I recently wrote an application that calls out to a 3rd party service to perform some work. This 3rd party service requires that I authenticate the client calling by using a client certificate. For this, I used the .NET provided C# methods to perform this (adding "client.pfx" to the client certificates with the request).

One of my concerns I have is that the API of this 3rd party mentions that I should perform this secure call using a URI they've provided as part of their auth process. To me, this seems terrible because an attacker could provide arbitrary URLs, and receive the requests themselves, and in turn, the contents of client.pfx.

My question is, how does this client authentication work (from sort of a broad view)? Is the entire certificate sent as part of the request? Is it just a signature of the request signed with the private key in client.pfx? I'm wondering if my worry is justified.


1 Answer 1


Authentication of the client using a client certificate is very similar to the common authentication of the server using a server certificate.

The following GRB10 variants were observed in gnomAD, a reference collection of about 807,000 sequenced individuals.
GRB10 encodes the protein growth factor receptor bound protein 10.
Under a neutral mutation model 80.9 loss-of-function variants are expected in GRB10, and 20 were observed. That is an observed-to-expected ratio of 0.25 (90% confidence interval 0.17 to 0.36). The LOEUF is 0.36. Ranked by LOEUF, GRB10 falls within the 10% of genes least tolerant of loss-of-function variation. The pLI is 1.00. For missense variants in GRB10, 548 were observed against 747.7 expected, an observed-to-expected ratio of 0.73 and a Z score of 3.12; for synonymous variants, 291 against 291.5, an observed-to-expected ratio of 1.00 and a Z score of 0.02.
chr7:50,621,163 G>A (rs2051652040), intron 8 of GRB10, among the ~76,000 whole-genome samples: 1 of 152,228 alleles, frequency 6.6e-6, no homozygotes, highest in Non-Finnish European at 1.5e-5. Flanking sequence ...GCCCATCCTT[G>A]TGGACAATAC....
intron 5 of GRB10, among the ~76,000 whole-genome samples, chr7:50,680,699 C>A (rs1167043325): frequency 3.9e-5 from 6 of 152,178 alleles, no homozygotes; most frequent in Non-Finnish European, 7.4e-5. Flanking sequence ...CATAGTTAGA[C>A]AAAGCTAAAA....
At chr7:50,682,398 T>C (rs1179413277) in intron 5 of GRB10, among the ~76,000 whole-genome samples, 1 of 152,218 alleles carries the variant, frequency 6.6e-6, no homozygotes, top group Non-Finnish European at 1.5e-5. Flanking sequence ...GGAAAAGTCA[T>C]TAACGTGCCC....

Essentially the client has a public certificate which contains the public key and the client has the matching private key. Authentication is then done by the client:

The server can validate the signature created by the client using the public key contained in the clients certificate. The server also validates the certificate itself in the usual way, i.e. check if a certificate chain can be build to a locally trusted CA certificate, check for expiration, revocation, key usage etc.

In order to prevent replaying the same signature later the client cannot choose which data get signed but all data send and received so far in the current TLS handshake get signed which include also random data from the server.

  • Thanks for this explanation. I'll dig in further to links you provided.
    – TheTFo
    Jun 13, 2018 at 17:22

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